Floods in Somerset have, up to now, seemed far removed from our own back yard. But with thousands of homes by the upper parts of the River Thames now at risk of flooding I wondered how safe we were from our own rivers.
A look back through the reference books show the geography of the Roding and Lea Valleys has made the area prone to inundations for hundreds of years.
In January 1809 the lower River Lea burst its banks in several places following a deluge that dumped two inches of rain in the space of 24 hours. The rain abruptly ended a snowy cold spell that had begun over a month before in the middle of December. From Luke Howard’s readings it is likely that up to half a metre of snow had fallen in the previous weeks in the upper parts of the surrounding countryside with only slight thawing. With the frozen ground unable to absorb any of the rapidly melting snow and rainfall the amount of water flowing downstream must have been immense. Howard takes up the story…
“The River Lea continued rising the whole of the 26th… The various channels by which it intersects this part of the country were united in one current above a mile in width which flowed with great impetuosity and did much damage.”
Howard, his chemical factory located on the banks of the river Lea close to what is now Bow flyover, wrote at length about the event, his account replacing the usual brief notes about daily weather in his book The Climate of London.
He talks of embanked pasture land being “filled to the depth of eight or nine feet” and people driven to their upper rooms relieved by boats plying under the windows.
“The Thames was so full during this time that no tide was perceptible.” It took until February 23rd for things to return to normal.
Miraculously no lives were lost in the flood and cattle “by great exertions” were saved by being kept in their stalls. Howard, saying that the flood could have been far worse, believed a neap tide, strong westerly winds urging water down the Thames and mild weather helped avert a tragedy.
Howard’s statistics of the previous months show that the second half of 1808 were wetter than average – though not especially so. And nothing like the rainfall we have had this winter. From December 1st until February 8th Howard recorded 130mm of rain, which is about 100mm less than what I have recorded this winter.
This fact alone shows just how much the nature of the river has changed in the last 200-odd years thanks to spending on flood defences.
Work to improve the defences was prompted 67 years ago when similar catastrophic flooding came with the thaw that ended the severe winter of 1947, one of the coldest winters in recorded history and an episode remarkably similar to what Howard recorded in 1809.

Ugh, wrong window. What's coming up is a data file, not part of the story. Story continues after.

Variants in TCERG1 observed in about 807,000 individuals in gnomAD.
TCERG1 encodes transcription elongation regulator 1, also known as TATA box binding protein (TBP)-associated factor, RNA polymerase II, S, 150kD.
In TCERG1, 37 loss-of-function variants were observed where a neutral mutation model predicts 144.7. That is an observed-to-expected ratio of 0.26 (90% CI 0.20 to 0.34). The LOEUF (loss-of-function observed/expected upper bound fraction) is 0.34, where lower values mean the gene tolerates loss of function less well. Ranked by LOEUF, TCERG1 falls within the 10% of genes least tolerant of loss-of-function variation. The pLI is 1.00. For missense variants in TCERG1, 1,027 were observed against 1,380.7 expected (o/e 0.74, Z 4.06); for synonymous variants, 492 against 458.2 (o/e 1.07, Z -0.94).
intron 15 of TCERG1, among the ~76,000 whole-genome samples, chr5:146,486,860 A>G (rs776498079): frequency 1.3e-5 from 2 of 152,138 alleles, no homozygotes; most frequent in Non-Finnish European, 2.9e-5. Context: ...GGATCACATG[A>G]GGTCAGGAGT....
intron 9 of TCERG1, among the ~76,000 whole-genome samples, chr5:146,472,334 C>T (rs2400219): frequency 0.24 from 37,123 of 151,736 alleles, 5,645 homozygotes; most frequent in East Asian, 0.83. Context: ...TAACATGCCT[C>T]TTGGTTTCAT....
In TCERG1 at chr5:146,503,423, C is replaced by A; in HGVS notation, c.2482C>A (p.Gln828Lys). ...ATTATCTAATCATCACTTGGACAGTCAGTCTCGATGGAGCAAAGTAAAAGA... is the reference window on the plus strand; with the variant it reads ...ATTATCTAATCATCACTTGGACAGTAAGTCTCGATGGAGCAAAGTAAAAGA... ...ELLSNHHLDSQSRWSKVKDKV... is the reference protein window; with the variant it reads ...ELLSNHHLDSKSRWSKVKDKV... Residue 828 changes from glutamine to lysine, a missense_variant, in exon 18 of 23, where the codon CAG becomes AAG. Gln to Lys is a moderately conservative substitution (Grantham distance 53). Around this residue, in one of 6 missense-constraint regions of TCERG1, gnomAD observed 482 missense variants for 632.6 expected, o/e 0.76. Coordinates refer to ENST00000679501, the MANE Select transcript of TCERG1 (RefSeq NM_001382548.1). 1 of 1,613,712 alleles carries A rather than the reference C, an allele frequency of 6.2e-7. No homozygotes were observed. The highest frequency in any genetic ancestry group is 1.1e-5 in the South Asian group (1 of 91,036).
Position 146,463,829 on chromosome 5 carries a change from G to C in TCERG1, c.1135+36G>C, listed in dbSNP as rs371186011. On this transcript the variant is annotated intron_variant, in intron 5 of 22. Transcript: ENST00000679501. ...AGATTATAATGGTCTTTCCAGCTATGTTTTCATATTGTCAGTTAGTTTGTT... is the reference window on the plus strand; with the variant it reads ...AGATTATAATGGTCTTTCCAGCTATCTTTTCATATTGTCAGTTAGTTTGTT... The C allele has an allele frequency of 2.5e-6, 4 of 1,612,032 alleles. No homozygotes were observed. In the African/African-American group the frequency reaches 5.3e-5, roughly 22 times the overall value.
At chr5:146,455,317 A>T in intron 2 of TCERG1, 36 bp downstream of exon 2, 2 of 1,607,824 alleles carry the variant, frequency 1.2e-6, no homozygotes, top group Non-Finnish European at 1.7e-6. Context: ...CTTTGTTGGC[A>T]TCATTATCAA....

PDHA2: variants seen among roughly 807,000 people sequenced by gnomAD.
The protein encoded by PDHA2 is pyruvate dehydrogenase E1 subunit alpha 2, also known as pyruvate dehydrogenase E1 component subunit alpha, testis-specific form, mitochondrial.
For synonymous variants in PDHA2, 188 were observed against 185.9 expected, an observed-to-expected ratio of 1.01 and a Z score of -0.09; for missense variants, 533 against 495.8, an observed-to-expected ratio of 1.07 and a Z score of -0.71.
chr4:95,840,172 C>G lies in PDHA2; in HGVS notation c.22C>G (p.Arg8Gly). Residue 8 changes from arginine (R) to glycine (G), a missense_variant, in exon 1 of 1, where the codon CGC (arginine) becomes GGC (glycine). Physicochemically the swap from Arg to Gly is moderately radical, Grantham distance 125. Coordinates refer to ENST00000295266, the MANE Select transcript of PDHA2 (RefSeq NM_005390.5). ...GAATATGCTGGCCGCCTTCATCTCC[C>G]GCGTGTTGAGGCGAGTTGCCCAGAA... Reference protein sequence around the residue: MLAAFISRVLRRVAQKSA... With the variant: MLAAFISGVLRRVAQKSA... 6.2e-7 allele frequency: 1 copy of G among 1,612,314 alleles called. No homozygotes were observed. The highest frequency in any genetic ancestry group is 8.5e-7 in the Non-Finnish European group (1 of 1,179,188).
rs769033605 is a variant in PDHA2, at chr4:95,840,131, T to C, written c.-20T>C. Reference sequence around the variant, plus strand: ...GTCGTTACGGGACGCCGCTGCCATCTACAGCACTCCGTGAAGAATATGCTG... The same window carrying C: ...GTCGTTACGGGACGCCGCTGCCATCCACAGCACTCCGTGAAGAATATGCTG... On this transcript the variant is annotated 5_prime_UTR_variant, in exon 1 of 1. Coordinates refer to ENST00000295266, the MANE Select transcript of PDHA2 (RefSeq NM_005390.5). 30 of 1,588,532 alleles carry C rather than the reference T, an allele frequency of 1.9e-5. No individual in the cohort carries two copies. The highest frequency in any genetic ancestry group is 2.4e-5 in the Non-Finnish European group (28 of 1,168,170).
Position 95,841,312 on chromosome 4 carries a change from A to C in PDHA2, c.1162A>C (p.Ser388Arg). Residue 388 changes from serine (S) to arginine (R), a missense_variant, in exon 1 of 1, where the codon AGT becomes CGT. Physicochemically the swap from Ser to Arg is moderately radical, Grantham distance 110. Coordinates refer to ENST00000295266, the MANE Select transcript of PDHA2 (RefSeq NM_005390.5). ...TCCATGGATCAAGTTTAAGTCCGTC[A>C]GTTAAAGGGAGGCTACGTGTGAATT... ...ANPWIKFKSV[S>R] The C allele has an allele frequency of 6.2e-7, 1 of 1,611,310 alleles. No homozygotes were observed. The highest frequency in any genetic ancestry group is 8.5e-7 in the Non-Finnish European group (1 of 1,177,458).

The Lea Valley, along with many parts of the country, saw some of its worst flooding in a generation. The river burst its banks at several points bringing misery to surrounding communities. Valleys turned into lakes in 40 counties and East Anglia’s fens were a sandbagged inland sea. More than 100,000 properties were damaged and, then as now, heroic battles were fought by the military to keep water-pumping plants and power stations dry.
The sense of crisis was felt worldwide. Canada sent food parcels to stricken villages in Suffolk; the prime minister of Ontario even offered to help dish them out.
A marker of that flood, together with a history of flood defences, can be found here. There is also British Pathe footage of another flood between 1910 and 1919 here .
The River Lea Flood Relief Channel, that flows between Ware, Herts, and Stratford, took almost three decades to complete. The channel incorporates existing watercourses, lakes and new channels. Since it was completed in 1976, there have been no major flood events in the Lea Valley, although there have been three occasions when the river system was full virtually to its capacity: in 1987, 1993 and 2000. Since its completion, the level of protection afforded by the structure has declined, so that in some areas it offers 2 per cent protection, and in some, only 5 per cent protection. The Environment Agency published a strategic environmental assessment in 2008, which looked at ways to maintain the flood defences in the Lea Valley.
It remains to be seen whether we will see any flooding in Redbridge – a further 40mm of rain is forecast to fall up to Saturday morning. As well as the problem of rain there is also the issue of the water table which in the past week has risen to the surface in places. Inland lakes forming on Wanstead Flats have seen the cancellation of football fixtures and a couple of people I’ve spoken to say standing water has started to appear in their cellars
It is all too easy to blame the Environment Agency for the current flooding in Somerset and elsewhere but the meticulous planning by its forerunners brought, at least to date, an end to the widespread flooding problem in the Lea Valley.
As the government struggles to find a solution to the current problems with flooding it would do well to look to the grand schemes of the past and forget about any planned cuts to flood defences.
10 thoughts on “When the River Lea was a mile wide”
great stuff, scott, thanks. i think the environment agency has been most unfairly maligned. huge strides have been made in river and coastal protection over the past ten years. the somerset criticism is grossly unfair. we can’t stop the rain or control the weather.
Very illuminating, thanks
I almost never drop remarks, however i did a few searching and wound up here When the River Lea was
a mile wide | Wanstead Meteo. And I do have a couple of questions for you if it’s allright.
Is it just me or does it seem like some of the comments come across as if they
are written by brain dead folks? 😛 And, if you are posting at other sites, I’d like to follow anything
new you have to post. Would you list of every one of all your shared sites like your linkedin profile, Facebook page or twitter feed?